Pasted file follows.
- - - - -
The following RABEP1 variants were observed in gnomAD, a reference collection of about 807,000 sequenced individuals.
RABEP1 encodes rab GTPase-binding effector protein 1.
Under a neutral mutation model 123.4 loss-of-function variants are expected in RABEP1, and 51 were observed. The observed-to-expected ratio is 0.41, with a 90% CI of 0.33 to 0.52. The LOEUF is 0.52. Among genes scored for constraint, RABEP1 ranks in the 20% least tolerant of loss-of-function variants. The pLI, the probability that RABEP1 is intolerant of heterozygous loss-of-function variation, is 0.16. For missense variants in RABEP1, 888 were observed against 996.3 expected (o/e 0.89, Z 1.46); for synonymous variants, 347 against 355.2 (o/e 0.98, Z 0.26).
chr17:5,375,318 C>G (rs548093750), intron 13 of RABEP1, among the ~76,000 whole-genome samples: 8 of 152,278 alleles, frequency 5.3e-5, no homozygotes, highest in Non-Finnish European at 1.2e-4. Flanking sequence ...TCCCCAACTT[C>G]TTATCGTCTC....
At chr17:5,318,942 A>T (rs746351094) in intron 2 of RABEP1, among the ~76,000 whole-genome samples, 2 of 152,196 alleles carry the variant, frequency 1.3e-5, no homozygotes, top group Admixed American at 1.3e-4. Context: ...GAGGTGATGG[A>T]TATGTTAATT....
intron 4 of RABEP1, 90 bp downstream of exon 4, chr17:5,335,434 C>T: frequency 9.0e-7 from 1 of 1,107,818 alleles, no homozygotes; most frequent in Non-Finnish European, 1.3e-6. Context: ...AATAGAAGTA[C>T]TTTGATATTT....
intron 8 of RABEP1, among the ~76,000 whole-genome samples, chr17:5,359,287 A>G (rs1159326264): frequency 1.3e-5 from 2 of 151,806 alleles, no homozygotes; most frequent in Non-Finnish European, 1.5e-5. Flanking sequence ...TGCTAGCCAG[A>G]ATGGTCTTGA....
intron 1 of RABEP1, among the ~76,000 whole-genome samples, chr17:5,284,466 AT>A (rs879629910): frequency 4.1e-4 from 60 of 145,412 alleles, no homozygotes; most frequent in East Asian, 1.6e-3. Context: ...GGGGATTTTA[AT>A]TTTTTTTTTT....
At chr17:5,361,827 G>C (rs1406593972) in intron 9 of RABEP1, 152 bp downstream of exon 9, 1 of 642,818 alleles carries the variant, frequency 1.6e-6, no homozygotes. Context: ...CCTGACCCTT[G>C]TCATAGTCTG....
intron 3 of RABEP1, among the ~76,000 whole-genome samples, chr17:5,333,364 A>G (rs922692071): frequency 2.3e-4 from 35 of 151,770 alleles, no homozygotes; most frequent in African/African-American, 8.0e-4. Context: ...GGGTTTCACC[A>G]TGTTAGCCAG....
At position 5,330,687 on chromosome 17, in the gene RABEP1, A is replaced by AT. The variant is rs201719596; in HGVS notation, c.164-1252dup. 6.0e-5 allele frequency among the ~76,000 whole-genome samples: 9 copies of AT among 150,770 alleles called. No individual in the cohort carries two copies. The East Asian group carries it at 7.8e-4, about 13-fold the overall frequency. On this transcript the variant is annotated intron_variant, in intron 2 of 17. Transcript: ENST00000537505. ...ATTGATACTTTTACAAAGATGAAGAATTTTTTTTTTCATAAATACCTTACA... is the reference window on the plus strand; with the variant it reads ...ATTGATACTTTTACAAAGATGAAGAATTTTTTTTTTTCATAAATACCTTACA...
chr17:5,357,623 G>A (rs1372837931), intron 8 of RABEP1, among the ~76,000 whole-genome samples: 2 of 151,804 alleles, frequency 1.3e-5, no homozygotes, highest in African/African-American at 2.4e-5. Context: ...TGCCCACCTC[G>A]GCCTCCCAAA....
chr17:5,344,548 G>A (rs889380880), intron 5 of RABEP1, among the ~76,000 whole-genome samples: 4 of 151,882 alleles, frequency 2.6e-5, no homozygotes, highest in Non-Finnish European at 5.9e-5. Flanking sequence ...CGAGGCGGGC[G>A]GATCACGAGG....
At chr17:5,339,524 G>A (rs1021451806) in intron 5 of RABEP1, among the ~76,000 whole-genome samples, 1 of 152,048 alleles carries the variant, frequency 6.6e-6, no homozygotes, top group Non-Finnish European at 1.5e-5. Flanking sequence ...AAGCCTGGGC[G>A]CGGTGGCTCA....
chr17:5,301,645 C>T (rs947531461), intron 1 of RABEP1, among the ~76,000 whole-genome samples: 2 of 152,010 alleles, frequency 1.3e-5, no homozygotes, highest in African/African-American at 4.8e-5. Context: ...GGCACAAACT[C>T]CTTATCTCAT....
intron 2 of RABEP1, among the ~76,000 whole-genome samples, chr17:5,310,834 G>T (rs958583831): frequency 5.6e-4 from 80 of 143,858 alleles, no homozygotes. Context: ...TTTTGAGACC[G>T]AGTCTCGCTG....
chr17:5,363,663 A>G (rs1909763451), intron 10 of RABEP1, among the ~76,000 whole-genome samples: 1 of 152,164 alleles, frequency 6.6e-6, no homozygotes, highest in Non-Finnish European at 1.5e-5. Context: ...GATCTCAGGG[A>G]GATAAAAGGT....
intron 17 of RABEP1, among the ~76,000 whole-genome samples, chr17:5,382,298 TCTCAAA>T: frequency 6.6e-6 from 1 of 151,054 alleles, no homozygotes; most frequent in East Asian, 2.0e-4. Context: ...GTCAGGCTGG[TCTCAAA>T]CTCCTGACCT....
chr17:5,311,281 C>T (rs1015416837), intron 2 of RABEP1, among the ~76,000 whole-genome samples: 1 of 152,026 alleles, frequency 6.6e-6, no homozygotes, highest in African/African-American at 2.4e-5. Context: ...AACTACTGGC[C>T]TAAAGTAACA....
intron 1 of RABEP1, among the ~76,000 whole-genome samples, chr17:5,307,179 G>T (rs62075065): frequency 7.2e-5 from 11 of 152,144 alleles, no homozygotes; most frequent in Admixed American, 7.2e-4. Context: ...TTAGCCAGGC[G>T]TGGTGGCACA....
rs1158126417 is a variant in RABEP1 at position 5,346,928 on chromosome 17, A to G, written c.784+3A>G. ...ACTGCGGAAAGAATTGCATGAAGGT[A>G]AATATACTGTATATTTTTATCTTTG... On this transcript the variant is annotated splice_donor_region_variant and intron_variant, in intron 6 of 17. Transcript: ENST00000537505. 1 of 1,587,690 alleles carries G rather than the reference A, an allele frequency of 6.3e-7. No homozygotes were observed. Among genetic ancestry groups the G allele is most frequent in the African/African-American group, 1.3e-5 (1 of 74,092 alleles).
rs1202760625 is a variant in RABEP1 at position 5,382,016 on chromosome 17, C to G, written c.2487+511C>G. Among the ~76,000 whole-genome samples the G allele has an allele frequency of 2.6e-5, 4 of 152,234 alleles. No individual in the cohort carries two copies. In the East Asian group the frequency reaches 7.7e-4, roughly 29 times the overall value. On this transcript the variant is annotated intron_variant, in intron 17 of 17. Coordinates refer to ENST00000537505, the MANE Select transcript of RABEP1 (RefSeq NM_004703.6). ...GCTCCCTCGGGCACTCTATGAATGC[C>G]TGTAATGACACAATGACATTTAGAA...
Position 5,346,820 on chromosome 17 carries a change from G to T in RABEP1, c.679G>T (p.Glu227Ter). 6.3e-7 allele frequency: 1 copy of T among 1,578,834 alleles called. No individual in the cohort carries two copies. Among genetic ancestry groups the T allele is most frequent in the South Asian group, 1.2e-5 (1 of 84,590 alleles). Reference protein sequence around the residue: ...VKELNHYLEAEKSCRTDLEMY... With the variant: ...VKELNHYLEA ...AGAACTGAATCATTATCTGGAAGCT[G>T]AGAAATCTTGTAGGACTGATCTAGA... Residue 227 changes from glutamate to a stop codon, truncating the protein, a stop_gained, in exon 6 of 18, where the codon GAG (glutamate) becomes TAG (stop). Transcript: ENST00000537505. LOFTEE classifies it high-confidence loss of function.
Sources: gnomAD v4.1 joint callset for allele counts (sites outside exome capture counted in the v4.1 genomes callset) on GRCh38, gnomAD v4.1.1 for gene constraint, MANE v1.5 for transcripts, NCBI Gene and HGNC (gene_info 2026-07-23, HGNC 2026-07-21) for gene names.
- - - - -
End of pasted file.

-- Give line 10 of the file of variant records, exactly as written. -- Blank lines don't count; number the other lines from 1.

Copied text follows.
intron 3 of RABEP1, among the ~76,000 whole-genome samples, chr17:5,333,364 A>G (rs922692071): frequency 2.3e-4 from 35 of 151,770 alleles, no homozygotes; most frequent in African/African-American, 8.0e-4. Context: ...GGGTTTCACC[A>G]TGTTAGCCAG....